Immersive VR and exergaming are taking over the fitness industry

Exergaming: why gaming-inspired fitness and immersive VR workouts are taking over fitness in 2022

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If your idea of cardio is jumping around while playing Just Dance on Nintendo Switch, then you are most definitely onto something. Exergaming – active video gaming – is everywhere in 2022. Here’s what you need to know about the latest fitness trend that can take you out of this world (without leaving your living room).     

We can all agree that fitness should be fun. Sure, it needs to get hearts pumping and muscles firing, but a good workout that we’ll want to return to time and again will keep us motivated and entertained too. Kind of like a game, then?

No wonder leading fitness brands are leaning into ‘exergaming’ (physical exercise with a gaming component). Think Nintendo’s Ring Fit Adventure – and then some. 

Established fitness brands like Les Mills are testing the waters with VR games, most of which you can access with an Oculus Quest 2 VR headset (to further underscore VR’s increasingly important role in exercise, you just need to read Oculus’ latest tagline: ‘Cardio can be fun in VR’).

Meditating on Mars with Lizzo? Cycling through EDM beats in a Guitar Hero-style animated world? Crushing flying objects with your jab-hook punch combo? The possibilities are pretty extraordinary, and devotees of exergaming will tell you the benefits (and the sweat) are very real.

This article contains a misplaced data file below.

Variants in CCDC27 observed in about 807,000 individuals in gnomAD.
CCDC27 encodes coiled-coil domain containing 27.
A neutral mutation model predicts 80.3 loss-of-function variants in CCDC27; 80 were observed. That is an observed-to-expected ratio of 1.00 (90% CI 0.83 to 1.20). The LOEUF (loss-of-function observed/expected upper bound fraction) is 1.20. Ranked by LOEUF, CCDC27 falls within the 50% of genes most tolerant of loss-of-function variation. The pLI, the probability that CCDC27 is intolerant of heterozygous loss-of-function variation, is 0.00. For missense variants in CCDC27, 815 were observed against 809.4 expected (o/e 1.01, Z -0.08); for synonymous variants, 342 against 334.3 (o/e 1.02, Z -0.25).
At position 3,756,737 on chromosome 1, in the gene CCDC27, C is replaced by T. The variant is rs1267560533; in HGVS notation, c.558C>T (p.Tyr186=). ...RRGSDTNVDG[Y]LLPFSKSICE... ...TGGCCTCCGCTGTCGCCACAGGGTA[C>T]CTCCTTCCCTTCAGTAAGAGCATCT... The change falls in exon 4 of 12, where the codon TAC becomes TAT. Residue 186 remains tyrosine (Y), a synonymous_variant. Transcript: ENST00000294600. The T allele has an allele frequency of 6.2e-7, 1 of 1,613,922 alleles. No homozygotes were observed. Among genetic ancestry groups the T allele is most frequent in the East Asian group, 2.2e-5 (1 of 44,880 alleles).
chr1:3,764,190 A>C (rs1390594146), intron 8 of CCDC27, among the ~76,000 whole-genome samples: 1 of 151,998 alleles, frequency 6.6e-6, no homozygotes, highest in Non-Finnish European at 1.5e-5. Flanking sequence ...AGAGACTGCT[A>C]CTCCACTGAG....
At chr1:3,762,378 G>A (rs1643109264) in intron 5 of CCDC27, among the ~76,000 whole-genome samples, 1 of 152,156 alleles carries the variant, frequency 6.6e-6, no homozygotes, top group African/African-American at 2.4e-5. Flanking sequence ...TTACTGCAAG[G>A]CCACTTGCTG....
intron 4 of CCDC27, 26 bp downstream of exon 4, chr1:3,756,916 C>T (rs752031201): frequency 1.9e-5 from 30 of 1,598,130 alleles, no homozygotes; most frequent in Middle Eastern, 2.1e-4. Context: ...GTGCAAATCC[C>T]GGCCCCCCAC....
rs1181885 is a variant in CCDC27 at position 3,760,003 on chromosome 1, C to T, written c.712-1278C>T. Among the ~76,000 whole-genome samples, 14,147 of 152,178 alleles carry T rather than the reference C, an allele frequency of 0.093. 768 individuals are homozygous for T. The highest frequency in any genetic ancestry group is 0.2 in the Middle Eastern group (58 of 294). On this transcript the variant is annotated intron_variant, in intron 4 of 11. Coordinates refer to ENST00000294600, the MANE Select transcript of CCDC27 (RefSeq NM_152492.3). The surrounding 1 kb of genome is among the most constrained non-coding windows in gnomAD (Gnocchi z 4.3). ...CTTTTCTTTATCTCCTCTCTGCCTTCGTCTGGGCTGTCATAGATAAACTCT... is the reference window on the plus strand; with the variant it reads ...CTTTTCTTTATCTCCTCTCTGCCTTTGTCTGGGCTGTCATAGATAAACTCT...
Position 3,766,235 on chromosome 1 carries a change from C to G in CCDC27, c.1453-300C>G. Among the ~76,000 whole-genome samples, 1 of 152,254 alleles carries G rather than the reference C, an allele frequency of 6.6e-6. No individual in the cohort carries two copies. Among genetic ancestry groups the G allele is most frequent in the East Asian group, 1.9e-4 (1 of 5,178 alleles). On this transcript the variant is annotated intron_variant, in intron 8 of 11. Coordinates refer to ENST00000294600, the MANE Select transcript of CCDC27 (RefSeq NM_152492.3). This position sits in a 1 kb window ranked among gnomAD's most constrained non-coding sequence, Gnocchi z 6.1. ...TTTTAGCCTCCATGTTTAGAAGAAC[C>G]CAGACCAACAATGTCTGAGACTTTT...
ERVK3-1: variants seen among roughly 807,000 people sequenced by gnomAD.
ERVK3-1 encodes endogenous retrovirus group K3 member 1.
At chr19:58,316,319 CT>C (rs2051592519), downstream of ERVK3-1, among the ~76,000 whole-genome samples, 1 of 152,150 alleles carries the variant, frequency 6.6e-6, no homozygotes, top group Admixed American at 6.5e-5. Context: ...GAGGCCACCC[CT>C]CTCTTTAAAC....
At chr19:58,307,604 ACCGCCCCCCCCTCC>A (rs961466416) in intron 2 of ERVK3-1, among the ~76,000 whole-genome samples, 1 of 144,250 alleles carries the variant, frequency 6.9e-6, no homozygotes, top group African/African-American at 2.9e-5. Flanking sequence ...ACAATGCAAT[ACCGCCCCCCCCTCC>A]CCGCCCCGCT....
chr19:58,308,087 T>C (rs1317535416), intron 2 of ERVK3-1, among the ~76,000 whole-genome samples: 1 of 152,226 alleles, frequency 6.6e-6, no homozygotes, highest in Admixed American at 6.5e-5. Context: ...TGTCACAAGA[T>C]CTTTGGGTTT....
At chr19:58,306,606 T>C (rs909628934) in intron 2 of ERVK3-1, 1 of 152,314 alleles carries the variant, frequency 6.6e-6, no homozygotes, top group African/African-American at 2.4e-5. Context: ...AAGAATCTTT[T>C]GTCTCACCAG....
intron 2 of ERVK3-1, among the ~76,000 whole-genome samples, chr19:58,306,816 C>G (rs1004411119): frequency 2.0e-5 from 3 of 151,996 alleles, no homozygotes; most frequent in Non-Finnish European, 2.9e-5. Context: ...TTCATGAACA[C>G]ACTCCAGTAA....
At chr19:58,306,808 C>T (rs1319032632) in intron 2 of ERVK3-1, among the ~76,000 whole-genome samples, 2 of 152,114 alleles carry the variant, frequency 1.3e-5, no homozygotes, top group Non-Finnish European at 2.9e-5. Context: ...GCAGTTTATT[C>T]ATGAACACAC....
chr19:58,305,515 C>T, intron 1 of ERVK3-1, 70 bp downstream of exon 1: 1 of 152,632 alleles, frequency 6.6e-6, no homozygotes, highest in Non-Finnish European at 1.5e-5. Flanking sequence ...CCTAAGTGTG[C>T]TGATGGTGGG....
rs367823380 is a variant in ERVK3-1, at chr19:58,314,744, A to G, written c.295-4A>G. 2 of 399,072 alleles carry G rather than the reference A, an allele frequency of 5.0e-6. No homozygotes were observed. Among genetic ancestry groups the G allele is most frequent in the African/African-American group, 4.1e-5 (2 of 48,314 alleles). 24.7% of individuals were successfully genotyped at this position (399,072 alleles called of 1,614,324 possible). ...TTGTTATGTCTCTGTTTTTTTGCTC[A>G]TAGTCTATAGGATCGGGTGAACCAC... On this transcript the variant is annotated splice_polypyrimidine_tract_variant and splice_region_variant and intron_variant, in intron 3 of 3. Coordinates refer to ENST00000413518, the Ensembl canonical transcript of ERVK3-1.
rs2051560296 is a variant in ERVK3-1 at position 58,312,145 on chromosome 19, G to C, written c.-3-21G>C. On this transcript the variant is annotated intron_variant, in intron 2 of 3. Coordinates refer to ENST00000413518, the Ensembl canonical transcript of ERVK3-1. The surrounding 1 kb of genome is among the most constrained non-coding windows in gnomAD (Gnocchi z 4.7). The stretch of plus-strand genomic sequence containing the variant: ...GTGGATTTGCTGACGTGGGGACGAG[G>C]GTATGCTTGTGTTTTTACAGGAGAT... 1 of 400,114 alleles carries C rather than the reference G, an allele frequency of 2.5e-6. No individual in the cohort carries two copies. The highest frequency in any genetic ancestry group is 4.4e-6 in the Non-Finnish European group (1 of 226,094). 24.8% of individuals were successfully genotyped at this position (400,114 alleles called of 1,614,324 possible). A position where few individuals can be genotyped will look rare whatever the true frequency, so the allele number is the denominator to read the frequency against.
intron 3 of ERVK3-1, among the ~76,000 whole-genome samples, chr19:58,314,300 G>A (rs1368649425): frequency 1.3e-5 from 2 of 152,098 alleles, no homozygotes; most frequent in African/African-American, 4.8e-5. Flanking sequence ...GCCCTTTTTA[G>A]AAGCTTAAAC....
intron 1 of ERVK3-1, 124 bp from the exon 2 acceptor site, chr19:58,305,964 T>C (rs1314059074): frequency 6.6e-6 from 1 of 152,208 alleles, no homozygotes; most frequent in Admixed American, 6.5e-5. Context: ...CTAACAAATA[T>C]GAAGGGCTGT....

Exergaming: a way to keep home workouts motivating?

Gyms may be open again, but there’s no question that the pandemic has changed how we exercise for good.

Home fitness is still the preferred option for many, thanks to its flexibility and ability to keep us connected to each other even when we’re home alone. Business Insider reported that home fitness equipment sales between January and November 2021, excluding Peloton, were worth $3.3 billion (£2.5bn), according to the NPD Group, which accounts for 97% growth compared to the same period in 2019.

Introducing a gaming component with immersive music, animations and graphics is the next logical step in making these workouts even more compelling. 

Les Mills VR
Brands like Les Mills have released their own VR experience, which can be accessed on the Oculus headsets.

Peloton’s newest gamified rides, Lanebreak, launched in February 2022 and transform a user’s screen into a Guitar Hero-style animation. Players control a virtual wheel, switch lanes and enjoy speed and resistance pushes, all while listening to David Bowie or David Guetta and racking up thousands of points.

Designed to complement instructor-led classes on the Bike/Bike+, the overwhelmingly positive comments on the Peloton UK Facebook group from female riders suggest these classes are already a hit:  “I’m loving it, it’s really pushing me to do more” and “So much fun! Got an epic output without realising!” are just a few.

According to Dr Josephine Perry, sports psychologist and author of The Ten Pillars Of Success, e-cycling using platforms like the gamified Zwift, which allows riders to race each other, follow training plans and track their progress, really took off during the pandemic, so we shouldn’t be surprised to see more of these types of workouts entering the mainstream. 

“To make exercise really sticky and to make people really motivated to do it, you need three pillars in place,” Dr Perry tells Stylist.

“You need to feel like you belong. You need mastery to feel like you’re good at it. And you need some autonomy, that you’re doing it because you’ve chosen to.”

Exergaming seems to tick every box, connecting us with a larger community, introducing simple targets we can improve at and, crucially, providing enjoyment. Exergaming can also reintroduce fitness to those feeling daunted about getting back into the gym, says Dr Perry.